Numerous factors have been proposed to explain the lack of representation of certain demographics in key positions. Many individuals in Congress begin their careers in state legislatures, where women and African Americans are also not adequately represented. This can result in a limited pool of potential candidates for congressional roles. African-Americans and Hispanics have more substantial representation in the House of Representatives compared to the Senate, partially due to the presence of 'majority-minority districts,' where most voters in the district belong to the same minority group (e.g. African-American). This situation does not apply to Senate positions because each senator represents the entire state. Congress has historically been predominantly male, with a culture and traditions that have been slow to adapt to the requirements of women, creating an unwelcoming environment for female members. For instance, the Senate's swimming facilities were exclusively for males until 2009, permitting male senators to swim naked if they chose. Since senators must be physically present to cast votes, it is challenging for new parents to take parental leave or care for infants while the Senate is in session. Progress is being made gradually; in 2018, Tammy Duckworth became the first senator to give birth while in office, prompting the Senate to modify its regulations to permit young children in the chamber.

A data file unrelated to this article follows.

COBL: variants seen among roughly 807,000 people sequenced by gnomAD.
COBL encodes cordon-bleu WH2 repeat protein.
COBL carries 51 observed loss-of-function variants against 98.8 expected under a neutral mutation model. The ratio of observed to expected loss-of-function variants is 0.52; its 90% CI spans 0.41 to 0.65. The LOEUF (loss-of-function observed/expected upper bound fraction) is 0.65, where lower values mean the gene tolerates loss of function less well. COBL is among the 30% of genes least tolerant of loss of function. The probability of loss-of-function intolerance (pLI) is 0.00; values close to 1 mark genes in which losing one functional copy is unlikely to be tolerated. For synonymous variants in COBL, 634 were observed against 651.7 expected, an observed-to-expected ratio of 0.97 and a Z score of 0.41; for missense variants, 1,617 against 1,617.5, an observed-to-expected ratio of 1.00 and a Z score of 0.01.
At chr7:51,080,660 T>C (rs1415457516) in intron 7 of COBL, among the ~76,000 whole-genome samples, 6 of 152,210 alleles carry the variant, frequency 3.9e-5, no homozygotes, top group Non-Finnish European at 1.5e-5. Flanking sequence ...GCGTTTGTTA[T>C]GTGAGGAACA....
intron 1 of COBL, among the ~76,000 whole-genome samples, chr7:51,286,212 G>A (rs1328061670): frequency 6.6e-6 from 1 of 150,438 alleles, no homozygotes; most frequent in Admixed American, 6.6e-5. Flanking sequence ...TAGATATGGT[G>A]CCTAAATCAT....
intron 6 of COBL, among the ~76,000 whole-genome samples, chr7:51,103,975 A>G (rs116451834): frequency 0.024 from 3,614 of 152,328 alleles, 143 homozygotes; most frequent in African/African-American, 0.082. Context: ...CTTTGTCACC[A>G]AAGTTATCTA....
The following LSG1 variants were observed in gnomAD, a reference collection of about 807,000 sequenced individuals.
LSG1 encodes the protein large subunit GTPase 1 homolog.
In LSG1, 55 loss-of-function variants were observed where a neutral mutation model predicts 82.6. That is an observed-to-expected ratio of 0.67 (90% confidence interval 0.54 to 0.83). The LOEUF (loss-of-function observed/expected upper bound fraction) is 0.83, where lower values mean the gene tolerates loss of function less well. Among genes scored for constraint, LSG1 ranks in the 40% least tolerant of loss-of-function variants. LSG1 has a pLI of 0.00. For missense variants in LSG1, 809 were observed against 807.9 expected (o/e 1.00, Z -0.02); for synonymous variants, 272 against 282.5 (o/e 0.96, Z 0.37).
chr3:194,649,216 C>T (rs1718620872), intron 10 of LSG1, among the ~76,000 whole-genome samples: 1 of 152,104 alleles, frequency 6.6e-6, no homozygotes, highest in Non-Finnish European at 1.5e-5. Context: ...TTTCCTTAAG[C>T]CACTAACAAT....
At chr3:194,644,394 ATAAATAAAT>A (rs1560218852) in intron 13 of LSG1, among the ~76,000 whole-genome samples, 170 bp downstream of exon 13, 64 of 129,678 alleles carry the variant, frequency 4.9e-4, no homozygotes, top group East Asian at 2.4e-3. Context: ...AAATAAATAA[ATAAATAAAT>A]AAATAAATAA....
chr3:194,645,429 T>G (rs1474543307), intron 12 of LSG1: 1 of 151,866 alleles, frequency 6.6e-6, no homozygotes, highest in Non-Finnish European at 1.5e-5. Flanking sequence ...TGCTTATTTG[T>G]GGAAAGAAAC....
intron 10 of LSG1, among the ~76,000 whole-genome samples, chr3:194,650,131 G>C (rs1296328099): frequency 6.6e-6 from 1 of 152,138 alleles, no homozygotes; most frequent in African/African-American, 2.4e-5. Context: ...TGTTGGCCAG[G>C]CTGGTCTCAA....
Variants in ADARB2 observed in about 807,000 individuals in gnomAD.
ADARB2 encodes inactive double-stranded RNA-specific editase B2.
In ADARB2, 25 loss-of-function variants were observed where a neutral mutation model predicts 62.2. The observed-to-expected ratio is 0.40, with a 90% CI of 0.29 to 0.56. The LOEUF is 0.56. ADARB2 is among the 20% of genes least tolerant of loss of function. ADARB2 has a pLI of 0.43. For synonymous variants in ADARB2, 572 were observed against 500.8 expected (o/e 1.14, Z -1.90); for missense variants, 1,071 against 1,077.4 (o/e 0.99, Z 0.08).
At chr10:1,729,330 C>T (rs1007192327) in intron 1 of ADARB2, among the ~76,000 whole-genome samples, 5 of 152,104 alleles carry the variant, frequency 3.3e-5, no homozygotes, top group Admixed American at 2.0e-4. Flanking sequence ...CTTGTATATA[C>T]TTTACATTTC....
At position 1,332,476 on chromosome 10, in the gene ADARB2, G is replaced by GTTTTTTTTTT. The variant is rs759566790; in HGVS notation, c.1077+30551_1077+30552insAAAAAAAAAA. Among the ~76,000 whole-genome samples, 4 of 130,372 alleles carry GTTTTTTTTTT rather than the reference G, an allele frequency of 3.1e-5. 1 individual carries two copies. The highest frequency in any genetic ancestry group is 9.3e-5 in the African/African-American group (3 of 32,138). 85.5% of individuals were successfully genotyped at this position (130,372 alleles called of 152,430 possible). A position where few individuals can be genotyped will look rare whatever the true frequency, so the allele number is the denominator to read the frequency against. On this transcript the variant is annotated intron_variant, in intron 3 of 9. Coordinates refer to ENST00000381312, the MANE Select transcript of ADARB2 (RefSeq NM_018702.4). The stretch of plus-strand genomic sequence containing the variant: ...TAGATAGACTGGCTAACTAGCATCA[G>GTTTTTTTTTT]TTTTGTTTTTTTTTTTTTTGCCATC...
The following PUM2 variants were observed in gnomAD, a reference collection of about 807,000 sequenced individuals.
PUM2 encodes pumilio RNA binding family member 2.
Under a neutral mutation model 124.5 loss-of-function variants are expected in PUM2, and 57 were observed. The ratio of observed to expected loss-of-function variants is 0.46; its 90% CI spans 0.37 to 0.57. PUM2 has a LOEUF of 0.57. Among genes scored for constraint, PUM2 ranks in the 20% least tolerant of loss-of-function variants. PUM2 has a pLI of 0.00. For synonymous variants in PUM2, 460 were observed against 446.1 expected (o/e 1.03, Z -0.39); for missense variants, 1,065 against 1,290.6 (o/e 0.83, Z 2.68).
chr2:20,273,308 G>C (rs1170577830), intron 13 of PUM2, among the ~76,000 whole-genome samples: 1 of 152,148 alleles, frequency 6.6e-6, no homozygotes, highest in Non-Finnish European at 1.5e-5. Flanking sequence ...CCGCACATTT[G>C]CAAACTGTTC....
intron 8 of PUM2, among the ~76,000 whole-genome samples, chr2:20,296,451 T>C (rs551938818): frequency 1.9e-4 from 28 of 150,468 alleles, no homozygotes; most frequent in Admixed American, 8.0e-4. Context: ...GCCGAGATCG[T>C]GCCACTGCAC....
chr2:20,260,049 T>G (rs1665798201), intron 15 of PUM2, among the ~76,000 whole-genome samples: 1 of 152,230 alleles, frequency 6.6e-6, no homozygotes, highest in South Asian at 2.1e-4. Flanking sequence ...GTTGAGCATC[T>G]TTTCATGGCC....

Influence of pressure groups

Congress is influenced by pressure groups in a manner that arguably distorts the wishes of the public. In some cases, politicians respond to the interests of unelected pressure groups, which then gain disproportionate representation in Congress. The significance of money means that richer pressure groups dominate, gaining over-representation of their wishes and interests at the expense of others. Elite theory suggests that Congress is not at all democratic because it responds only to the wishes of a small group in society.

Influence and corruption

Who should they represent?

The tension between local and national politics is essentially a struggle between interpretations of representation.